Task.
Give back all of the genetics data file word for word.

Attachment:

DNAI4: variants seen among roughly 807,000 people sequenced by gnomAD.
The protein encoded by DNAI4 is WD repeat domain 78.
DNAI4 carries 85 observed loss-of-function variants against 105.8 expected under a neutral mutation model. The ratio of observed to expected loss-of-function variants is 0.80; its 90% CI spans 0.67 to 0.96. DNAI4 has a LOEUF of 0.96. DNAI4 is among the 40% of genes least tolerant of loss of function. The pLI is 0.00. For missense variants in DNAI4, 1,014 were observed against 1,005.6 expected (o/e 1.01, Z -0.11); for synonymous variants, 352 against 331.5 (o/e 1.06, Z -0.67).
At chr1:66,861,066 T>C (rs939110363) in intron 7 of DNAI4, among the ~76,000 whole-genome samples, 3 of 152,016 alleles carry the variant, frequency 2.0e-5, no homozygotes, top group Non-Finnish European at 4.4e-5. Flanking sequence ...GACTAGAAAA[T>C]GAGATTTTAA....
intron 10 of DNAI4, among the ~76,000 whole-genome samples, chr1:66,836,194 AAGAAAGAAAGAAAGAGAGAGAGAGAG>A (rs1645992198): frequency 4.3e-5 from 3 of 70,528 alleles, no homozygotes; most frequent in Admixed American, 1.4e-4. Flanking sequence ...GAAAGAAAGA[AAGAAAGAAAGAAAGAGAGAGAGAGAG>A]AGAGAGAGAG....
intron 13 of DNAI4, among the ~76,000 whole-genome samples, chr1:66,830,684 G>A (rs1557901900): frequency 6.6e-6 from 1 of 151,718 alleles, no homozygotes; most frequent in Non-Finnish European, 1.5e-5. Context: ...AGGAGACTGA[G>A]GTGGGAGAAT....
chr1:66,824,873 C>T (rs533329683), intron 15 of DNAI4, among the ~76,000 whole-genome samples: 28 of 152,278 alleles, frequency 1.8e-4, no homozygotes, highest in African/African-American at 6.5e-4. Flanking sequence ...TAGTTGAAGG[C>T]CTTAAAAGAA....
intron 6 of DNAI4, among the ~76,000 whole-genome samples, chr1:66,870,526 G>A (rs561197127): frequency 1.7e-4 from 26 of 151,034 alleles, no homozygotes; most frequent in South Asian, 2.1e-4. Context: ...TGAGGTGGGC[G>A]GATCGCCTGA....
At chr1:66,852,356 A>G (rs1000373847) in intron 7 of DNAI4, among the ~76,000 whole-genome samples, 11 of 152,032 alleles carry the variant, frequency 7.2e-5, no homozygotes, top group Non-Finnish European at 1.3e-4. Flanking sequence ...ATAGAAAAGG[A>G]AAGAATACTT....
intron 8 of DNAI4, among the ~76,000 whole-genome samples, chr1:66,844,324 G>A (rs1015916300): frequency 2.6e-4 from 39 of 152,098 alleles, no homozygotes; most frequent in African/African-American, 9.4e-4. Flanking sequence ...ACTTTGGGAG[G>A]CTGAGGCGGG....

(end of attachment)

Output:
DNAI4: variants seen among roughly 807,000 people sequenced by gnomAD.
The protein encoded by DNAI4 is WD repeat domain 78.
DNAI4 carries 85 observed loss-of-function variants against 105.8 expected under a neutral mutation model. The ratio of observed to expected loss-of-function variants is 0.80; its 90% CI spans 0.67 to 0.96. DNAI4 has a LOEUF of 0.96. DNAI4 is among the 40% of genes least tolerant of loss of function. The pLI is 0.00. For missense variants in DNAI4, 1,014 were observed against 1,005.6 expected (o/e 1.01, Z -0.11); for synonymous variants, 352 against 331.5 (o/e 1.06, Z -0.67).
At chr1:66,861,066 T>C (rs939110363) in intron 7 of DNAI4, among the ~76,000 whole-genome samples, 3 of 152,016 alleles carry the variant, frequency 2.0e-5, no homozygotes, top group Non-Finnish European at 4.4e-5. Flanking sequence ...GACTAGAAAA[T>C]GAGATTTTAA....
intron 10 of DNAI4, among the ~76,000 whole-genome samples, chr1:66,836,194 AAGAAAGAAAGAAAGAGAGAGAGAGAG>A (rs1645992198): frequency 4.3e-5 from 3 of 70,528 alleles, no homozygotes; most frequent in Admixed American, 1.4e-4. Flanking sequence ...GAAAGAAAGA[AAGAAAGAAAGAAAGAGAGAGAGAGAG>A]AGAGAGAGAG....
intron 13 of DNAI4, among the ~76,000 whole-genome samples, chr1:66,830,684 G>A (rs1557901900): frequency 6.6e-6 from 1 of 151,718 alleles, no homozygotes; most frequent in Non-Finnish European, 1.5e-5. Context: ...AGGAGACTGA[G>A]GTGGGAGAAT....
chr1:66,824,873 C>T (rs533329683), intron 15 of DNAI4, among the ~76,000 whole-genome samples: 28 of 152,278 alleles, frequency 1.8e-4, no homozygotes, highest in African/African-American at 6.5e-4. Flanking sequence ...TAGTTGAAGG[C>T]CTTAAAAGAA....
intron 6 of DNAI4, among the ~76,000 whole-genome samples, chr1:66,870,526 G>A (rs561197127): frequency 1.7e-4 from 26 of 151,034 alleles, no homozygotes; most frequent in South Asian, 2.1e-4. Context: ...TGAGGTGGGC[G>A]GATCGCCTGA....
At chr1:66,852,356 A>G (rs1000373847) in intron 7 of DNAI4, among the ~76,000 whole-genome samples, 11 of 152,032 alleles carry the variant, frequency 7.2e-5, no homozygotes, top group Non-Finnish European at 1.3e-4. Flanking sequence ...ATAGAAAAGG[A>G]AAGAATACTT....
intron 8 of DNAI4, among the ~76,000 whole-genome samples, chr1:66,844,324 G>A (rs1015916300): frequency 2.6e-4 from 39 of 152,098 alleles, no homozygotes; most frequent in African/African-American, 9.4e-4. Flanking sequence ...ACTTTGGGAG[G>A]CTGAGGCGGG....